Chapters 1 and 2 are here.
Chapters 3 and 4 are here.
Chapters 5 and 6 are here.
Chapters 7 and 8 are here.
Chapter 9. The End
“Come on, gentlemen. They’re just about done serving lunch.”
“Eh.” Mike stopped and looked up at Mackenzie. A look of confusion clouded his face. “We’re tied. Two games to two. One more game. Okay, Elisa? I’ll skunk him quick.”
Oh know. Mackenzie though. Not Mike. Before she could respond, Mike winked at her and began dealing the cards out for one last game of gin rummy. The wink threw Mackenzie for a moment, but she knew that something had changed in her friend. He had ever confused her with somebody else. Nor had he ever confused other people. It was an absolute certainty at Shady Acres. Mike was on a first name basis with every resident and employee and never got it wrong.
While the two men played their final hand, Mackenzie sat and waited. When they were done, she stood up. “Let’s go.”
Mike looked at her, that cloud of confusion crossing his face again. “Where we going, Mackenzie?”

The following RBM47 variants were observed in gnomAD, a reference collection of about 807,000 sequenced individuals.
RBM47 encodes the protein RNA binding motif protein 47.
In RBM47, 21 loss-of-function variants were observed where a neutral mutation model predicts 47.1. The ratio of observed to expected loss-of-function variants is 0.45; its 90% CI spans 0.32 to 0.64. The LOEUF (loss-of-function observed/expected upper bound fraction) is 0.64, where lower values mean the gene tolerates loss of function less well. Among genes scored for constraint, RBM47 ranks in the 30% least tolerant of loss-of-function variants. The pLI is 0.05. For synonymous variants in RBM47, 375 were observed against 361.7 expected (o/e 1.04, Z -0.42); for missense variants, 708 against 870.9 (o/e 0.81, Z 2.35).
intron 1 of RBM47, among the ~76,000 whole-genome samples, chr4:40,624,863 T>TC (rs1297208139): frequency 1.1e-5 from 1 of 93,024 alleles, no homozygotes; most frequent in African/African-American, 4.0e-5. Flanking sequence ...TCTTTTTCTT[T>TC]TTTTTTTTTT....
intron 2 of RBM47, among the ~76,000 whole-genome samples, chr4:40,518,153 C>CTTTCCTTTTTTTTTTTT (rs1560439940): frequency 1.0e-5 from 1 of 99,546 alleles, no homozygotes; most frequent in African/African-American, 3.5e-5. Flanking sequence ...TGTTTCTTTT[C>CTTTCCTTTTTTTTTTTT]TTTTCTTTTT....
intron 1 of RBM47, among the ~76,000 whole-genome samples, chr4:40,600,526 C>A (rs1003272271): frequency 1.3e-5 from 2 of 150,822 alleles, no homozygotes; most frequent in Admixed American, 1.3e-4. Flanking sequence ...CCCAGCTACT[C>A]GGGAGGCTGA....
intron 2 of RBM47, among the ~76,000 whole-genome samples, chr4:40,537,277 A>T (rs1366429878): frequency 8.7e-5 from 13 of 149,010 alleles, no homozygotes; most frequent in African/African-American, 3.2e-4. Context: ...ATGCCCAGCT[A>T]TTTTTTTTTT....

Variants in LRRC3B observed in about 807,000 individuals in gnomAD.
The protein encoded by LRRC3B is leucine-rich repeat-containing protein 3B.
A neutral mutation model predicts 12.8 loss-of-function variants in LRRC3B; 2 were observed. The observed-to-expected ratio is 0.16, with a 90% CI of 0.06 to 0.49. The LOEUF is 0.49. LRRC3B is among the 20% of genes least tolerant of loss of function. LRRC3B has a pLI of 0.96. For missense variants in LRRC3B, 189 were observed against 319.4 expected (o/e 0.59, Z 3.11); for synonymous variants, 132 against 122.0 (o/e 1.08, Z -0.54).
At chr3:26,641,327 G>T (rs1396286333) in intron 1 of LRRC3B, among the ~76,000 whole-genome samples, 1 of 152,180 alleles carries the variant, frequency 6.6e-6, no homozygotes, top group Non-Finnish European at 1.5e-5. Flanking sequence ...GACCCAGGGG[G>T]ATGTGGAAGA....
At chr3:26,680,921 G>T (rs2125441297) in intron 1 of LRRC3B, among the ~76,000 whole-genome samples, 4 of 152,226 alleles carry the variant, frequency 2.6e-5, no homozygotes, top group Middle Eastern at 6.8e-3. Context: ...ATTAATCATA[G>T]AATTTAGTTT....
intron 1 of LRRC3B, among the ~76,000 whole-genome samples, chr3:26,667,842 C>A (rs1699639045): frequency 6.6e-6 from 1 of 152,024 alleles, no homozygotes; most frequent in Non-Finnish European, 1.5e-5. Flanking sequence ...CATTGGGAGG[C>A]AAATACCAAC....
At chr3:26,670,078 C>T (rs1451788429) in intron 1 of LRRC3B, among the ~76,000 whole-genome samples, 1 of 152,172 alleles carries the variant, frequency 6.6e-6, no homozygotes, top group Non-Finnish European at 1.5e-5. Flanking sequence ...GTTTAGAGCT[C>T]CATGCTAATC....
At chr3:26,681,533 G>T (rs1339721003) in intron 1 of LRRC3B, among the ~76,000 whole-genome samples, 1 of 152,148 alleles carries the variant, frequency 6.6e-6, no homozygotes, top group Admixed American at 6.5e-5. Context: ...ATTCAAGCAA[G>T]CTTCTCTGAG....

“To lunch, Mike. Come on,” Mackenzie sighed.
“Oh. Okay. Why didn’t you say something?” Mike slipped the deck of cards in his pants pocket. “You heard the lady, Gene, let’s go to lunch.”
Could it happen that quick? Mackenzie catalogued the events of the last few days. The exertions Mike forced on himself the day he turned 100. The late morning the next day. And, then the fall, and a bump on his head. Could it? Mackenzie trailed behind the two old men as they made their way to the dining room.
After lunch, Mike asked Mackenzie to help him back to his room where he planned on taking a nap. When they arrived, he first opened a drawer in the nightstand next to his bed. After ruffling around in the drawer, he drew out a folder stuffed with papers and handed it to Mackenzie. “Here, I want you to have this,” he mumbled to her.